Why Keratosis Pilaris is HELL in winter - and how to fix it!


Why Keratosis Pilaris is HELL in winter - and how to fix it!

Did you know that as many as 50% of us may suffer from chicken skin or what’s known as keratosis pilaris?? And that as we enter winter, it’s likely to get worse as humidity plummets?

You’re going to want to watch this video if your one one of the unlikely 50% like me as I’m going to share the tips and tricks for solving this pesky - but fixable - skin condition.

Keratosis pilaris is actually a genetic disorder - with what’s known as autosomal dominance inheritance. That means if one of your parents has it, you have a 50% chance of getting it too. It may be displayed to different extent in different individuals in the same family - that’s just the way the genetic lottery plays out.

It often develops in childhood and adolescence but it can pop up at any time.

It’s completely harmless, aside for how it looks.

It's characterized by hard, scaly bumps that can be seen plugging up the hair follicles and its found on the backs of the upper arms and the front of the upper thighs. It looks a bit like goose bumps but it feels rough, which is often the bit that bothers people the most.

It can also affect buttocks, I’ve seen it on the chest and it can creep up and affect the cheeks and rarely the eyebrows,

It often becomes more prominent as we get older.

The worst time of year for KP is winter.

Low humidity makes everything look worse as the skin becomes drier.

It seems to be associated with atopic eczema and a condition called ichthyosis vulgaris.

Because its genetic there is no cure. BUT it can be improved with the right skincare. And, it does often get better as you get older by itself.

It’s usually easy to diagnose clinically meaning you’re unlikely to need any tests to confirm the diagnosis.


1. Do no harm.

Its really important to respect the skin’s barrier function. It's tempting to want to scrub away at it but I find that can exacerbate the red inflammatory component so I prefer you stick to gentle, non-foaming cleansers to wash with.

Wash with warm, not hot water and limit bath time. An dpat skin gently with a towel, no rubbing!

I like:

Cerave Hydrating Cleanser

Necessaire Fragrance-free Cleanser

Drunk Elephant Kamili Body Cleanser

I’ll also use Flawless Cleanser on body when my skin is dry and I always use it when I travel for convenience.

2. Use chemical exfoliation (not physical)

This is the area I find alpha hydroxy acids the most helpful in my practice. I like lactic acid at 5-10% and find it suitably hydrating as well as smoothing. Glycolic acid is also helpful.


Lotion Plus

Mene and Moy are all good examples.

I think they lack a little on the pleasure side if things as they’re not very luxue in feel but they certainly smooth and flatten those bumps.

Its best to use these twice a day until you’ve achieved desired level of smoothness; then you can reduce to once daily or alternate days to maintain.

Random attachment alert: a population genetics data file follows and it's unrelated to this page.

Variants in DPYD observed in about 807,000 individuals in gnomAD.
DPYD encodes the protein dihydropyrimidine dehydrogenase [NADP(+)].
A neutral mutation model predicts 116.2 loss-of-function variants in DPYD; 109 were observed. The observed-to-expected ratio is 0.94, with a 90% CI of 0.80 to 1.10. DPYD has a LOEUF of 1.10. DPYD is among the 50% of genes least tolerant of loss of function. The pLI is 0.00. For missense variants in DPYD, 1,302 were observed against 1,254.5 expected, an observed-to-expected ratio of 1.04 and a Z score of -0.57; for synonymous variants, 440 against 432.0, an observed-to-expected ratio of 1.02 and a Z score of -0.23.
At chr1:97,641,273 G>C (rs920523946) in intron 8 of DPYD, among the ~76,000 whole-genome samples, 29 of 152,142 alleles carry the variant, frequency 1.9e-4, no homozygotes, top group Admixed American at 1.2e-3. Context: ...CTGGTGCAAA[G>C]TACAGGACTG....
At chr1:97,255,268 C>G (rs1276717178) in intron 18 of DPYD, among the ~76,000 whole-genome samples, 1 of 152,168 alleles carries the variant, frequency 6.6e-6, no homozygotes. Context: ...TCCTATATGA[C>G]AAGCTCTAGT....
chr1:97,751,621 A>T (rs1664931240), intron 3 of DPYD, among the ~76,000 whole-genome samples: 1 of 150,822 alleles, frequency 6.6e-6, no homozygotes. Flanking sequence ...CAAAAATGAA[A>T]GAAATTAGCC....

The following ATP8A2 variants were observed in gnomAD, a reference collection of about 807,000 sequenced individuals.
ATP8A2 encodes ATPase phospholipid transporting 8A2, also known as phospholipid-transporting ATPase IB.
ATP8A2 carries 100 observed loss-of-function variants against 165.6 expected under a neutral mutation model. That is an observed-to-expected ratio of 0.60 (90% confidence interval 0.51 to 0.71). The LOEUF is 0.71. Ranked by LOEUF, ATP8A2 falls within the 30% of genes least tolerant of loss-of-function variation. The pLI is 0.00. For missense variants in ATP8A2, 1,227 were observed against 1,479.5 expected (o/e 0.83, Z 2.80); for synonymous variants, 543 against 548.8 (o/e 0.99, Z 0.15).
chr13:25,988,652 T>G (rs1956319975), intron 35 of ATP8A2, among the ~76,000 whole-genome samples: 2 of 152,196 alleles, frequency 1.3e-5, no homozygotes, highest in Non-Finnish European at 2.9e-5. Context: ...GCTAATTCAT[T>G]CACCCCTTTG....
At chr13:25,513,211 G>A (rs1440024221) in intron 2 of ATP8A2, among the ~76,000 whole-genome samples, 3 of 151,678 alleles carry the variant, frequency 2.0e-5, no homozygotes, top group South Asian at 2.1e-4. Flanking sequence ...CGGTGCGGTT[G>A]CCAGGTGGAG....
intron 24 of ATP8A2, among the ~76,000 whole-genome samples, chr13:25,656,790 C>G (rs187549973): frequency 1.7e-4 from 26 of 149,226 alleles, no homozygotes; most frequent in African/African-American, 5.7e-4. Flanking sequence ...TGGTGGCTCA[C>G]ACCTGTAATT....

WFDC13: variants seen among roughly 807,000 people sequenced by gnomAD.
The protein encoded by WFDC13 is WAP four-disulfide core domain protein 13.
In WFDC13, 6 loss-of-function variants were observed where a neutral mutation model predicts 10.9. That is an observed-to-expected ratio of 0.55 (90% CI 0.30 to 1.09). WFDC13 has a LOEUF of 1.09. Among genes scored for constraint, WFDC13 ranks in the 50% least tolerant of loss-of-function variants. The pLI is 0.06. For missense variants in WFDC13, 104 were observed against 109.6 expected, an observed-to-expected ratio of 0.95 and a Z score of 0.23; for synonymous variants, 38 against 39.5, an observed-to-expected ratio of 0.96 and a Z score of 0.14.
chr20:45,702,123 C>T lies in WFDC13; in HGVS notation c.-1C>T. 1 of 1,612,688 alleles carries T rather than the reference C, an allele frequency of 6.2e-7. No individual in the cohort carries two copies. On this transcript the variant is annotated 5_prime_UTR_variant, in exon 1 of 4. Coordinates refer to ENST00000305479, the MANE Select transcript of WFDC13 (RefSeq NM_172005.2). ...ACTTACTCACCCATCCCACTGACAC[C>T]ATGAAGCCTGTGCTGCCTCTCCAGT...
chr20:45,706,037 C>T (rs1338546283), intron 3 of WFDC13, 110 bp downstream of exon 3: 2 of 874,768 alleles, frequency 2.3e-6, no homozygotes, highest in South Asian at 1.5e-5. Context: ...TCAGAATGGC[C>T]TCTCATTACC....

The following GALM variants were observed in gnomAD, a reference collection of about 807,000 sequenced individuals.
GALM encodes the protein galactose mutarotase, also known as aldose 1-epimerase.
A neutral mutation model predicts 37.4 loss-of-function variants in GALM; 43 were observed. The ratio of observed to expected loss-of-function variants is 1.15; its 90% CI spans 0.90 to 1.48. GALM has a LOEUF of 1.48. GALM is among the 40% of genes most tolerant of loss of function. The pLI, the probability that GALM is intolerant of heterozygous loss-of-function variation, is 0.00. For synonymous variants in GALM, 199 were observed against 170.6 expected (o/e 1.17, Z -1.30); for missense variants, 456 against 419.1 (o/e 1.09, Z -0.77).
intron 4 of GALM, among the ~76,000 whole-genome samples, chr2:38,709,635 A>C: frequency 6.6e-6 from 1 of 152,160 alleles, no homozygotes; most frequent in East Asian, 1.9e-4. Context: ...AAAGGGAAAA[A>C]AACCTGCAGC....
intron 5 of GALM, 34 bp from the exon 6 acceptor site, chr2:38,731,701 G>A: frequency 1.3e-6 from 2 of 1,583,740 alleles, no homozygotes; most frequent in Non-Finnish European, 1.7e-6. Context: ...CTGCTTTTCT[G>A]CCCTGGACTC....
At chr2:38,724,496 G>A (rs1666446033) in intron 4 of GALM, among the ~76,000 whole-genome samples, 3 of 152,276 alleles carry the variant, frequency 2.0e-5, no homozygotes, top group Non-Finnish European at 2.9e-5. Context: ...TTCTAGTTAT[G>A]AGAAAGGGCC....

3. Boost barrier function

I think it's really helpful to support barrier function at this time as the dry winter air definitely makes things worse.

This means seeking barrier support with a well-formulated moisturiser with a blend of skin-replenishing lipids, occlusives and barrier repair ingredients. Ceramides and niacinamide really come into their own here.

I like Cerave Moisturising Cream

La Roche Posay Lipikar Baume

These will offer a bit more of that pampering luxe feel which is so desirable at this time of year.

4. Beta hydroxy acids

I find this to be a good option in those who have both acne on their shoulders and back and KP. Beta hydroxyl acids like the pores as they are soluble in oil and exfoliate nicely; they also have anti-inflammatory activity, which is helpful. Find it in the Cerave SA Smoothing range - I like both the body wash and lotion. And the Azelac Spray, which combines salicylic acid and azelaic acid is also great, not to mention easy to apply.

5. Urea

Urea is a natural keratolytic; like lactic acid, it will dissolve the intercellular glue between skin cells, promoting the desquamation of the scaly follicles and softening and smoothing skin. It also functions as a humectant and is naturally present in our skin.

Find it in Eucerin 10% Urea Body Lotion. It also contains Ceramides and Natural Moisturising Factor, so is very hydrating.

6. Consider retinoids if AHAs don’t work.

As this is a keratinization issue, retinoids also have a role to play in normalising the formation of the stratum corneum which can help unplug those follicles. Just respect the delicate balance between retinoid’s potentially drying effect and your skin’s hydration levels.

Want to know more about retinoids - then download my free cheatsheet on achieving retinoid happiness.

So it may take a bit of trial and error to find the right combination for your skin but undoubtedly with a bit of persistence and consistency, you'll be able to banish those annoying little bumps!

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